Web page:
• Poole says that the man inside is nothing like Jekyll. 
    • Utterson suggests that Jekyll may have acquired a physically-deforming disease.
  • Utterson demands admittance, causing the voice to reply asking for mercy and isolation.
  • Poole & Utterson enter the laboratory by breaking down the door.
    • They find Hyde's body on the floor with a crushed vial, which allowed the men to assume that Hyde had poisoned himself.
  • After searching for a sign of Jekyll, they find a letter addressed to Utterson.
    •  3 Items: the will (Utterson instead of Hyde); a note (telling him to read Lanyon's letter) and a sealed packet.
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Chapter 9: Dr Lanyon's Narrative

  • After Jekyll's last dinner party, Lanyon recieved a strange letter from him.
    • The letter told Lanyon to break into a cabinet in Jekyll's home and take a specific drawer to his house. A man would come at midnight.
  • Lanyon followed the instructions and waited for this man to arrive.
  • At precisely midnight, Mr Hyde arrived at Dr Lanyon's home. 
    • Hyde was only interested in the drawer's contents.
    • Hyde mixed these ingredients to make a liquid that was purple then green.
  • Hyde asked Lanyon whether he should take home his concoction or drink it there.
    • Lanyon declared that he wished to see the end of it so Hyde drank the concoction.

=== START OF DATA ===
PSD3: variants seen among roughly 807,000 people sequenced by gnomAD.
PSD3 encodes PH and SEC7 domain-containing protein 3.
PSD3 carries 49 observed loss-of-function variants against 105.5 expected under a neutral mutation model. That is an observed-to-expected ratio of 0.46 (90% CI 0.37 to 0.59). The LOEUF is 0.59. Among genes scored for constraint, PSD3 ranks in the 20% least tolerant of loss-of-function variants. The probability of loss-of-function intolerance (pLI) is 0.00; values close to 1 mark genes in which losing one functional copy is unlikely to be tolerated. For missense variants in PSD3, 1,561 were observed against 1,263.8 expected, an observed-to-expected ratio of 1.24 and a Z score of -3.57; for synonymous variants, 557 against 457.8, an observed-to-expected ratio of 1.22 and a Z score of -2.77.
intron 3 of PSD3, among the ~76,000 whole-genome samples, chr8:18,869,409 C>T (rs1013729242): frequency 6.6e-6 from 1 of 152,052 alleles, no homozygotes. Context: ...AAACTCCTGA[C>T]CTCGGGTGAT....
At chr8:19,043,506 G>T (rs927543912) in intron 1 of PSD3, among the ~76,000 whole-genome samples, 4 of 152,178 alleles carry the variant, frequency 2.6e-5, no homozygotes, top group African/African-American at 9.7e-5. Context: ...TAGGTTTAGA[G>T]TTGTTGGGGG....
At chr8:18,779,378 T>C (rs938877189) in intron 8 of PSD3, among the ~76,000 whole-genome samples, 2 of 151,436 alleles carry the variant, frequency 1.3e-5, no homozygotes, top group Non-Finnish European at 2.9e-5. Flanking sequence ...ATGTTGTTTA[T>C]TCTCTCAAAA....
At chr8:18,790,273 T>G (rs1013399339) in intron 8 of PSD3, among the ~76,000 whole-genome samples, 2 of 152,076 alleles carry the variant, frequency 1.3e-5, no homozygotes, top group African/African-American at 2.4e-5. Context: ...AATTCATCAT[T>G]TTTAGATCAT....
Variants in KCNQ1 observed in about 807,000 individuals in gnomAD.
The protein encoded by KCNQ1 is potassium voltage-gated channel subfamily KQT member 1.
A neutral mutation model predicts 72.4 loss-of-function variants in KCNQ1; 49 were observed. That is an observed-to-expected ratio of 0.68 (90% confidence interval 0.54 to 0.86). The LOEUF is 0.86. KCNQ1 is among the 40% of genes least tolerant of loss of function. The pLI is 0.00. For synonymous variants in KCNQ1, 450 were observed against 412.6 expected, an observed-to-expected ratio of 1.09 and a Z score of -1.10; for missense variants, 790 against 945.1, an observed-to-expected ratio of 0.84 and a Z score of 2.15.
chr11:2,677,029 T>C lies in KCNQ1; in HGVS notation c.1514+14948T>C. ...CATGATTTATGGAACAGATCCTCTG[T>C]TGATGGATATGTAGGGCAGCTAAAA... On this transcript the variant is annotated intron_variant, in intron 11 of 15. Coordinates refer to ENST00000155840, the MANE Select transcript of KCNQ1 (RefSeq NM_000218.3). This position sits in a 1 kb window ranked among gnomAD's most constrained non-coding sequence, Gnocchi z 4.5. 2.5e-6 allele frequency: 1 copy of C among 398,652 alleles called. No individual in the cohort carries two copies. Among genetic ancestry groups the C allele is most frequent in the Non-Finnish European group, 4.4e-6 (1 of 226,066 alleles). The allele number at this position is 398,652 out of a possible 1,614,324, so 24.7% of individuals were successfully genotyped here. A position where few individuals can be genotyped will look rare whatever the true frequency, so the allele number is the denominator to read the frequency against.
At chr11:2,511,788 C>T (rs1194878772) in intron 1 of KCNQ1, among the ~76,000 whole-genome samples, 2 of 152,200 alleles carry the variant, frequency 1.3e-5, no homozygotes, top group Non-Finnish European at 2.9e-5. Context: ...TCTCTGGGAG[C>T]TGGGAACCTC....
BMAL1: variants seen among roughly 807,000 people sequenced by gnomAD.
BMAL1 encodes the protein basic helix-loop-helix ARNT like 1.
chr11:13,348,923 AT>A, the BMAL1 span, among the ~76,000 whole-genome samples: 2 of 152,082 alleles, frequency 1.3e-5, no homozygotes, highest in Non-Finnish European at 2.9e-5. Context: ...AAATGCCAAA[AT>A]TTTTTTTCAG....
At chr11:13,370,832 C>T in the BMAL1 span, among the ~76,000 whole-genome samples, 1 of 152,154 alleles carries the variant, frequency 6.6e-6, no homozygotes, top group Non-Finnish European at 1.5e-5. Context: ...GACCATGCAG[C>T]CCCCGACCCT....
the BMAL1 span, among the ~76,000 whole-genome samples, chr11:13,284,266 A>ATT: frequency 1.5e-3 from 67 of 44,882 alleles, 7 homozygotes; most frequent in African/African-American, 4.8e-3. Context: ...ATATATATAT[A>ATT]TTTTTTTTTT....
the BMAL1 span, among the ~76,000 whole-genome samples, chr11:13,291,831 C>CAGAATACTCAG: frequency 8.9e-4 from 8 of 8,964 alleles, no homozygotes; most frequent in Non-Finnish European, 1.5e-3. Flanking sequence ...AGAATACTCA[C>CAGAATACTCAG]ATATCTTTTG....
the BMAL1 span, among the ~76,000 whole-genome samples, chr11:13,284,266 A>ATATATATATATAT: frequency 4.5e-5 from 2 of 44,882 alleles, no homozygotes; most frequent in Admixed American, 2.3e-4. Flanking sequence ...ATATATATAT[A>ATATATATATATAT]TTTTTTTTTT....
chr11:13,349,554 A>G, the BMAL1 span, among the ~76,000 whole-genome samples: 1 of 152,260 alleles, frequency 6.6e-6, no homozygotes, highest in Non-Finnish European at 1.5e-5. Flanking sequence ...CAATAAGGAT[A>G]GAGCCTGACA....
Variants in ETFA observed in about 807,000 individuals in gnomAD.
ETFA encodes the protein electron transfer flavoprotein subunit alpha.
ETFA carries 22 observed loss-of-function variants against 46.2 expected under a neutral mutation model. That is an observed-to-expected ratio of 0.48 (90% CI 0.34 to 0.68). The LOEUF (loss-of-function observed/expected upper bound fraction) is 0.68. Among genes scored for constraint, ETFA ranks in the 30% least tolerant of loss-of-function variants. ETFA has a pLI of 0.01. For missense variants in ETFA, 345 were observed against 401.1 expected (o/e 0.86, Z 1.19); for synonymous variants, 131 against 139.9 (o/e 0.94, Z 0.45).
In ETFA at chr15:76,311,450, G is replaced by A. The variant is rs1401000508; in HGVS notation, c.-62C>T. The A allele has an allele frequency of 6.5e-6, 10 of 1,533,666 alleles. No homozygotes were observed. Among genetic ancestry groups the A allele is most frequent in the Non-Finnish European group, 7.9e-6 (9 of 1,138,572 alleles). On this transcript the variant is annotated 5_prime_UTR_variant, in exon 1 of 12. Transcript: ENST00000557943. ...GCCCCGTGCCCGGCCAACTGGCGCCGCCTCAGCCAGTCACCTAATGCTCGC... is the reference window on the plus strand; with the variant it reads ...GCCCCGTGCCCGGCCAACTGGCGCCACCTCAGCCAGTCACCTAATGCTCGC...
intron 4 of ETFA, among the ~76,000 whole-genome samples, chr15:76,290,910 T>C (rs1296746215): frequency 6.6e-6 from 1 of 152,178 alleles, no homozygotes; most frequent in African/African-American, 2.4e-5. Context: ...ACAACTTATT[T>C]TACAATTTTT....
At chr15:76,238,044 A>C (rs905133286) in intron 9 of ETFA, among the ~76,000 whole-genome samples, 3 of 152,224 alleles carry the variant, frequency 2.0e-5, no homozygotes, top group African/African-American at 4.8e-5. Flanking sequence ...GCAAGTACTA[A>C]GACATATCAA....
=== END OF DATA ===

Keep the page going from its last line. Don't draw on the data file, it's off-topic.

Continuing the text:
• Lanyon watched the transformation and discovered that where Hyde once stood was now Dr Henry Jekyll.
  • Jekyll told Lanyon that what he saw was too shocking to repeat and that he would soon die due to the horror.
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Chapter 10: Henry Jekyll's Full Statement of the C

  • The chapter is the letter that Jekyll leaves for Utterson.
  • He talks about his large inheritance at birth and how he had to maintain his reputation as a respectable gentleman.
  • He found himself leading a dual-life to hide his indecent side, which he later studied as a scientist.
  • After a lot of research, he discovered a chemical solution that allowed him to lead this.
  • Hyde's height represented Jekyll's evil side alone, which had been repressed.
  • Jekyll felt that he was too old to act on his desires but Hyde was not.
  • Jekyll did not feel any guilt for Hyde's wrongdoing, but he did try to correct it.
  • Two months before the murder of Carew, Jekyll became concerned as he started to involuntarily turn into Hyde.
    • He went back to being Jekyll alone for a few months but soon caved and took the potion again.
  • After the murder, Jekyll couldn't allow himself to become Hyde again, which was why he appeared to be healthier and happier.
  • His episode with Lanyon occurred a while after Carew's murder but he had to take double doses every six hours to stay as Jekyll.
  • After a while, Hyde grew too strong, forcing Jekyll to commit suicide.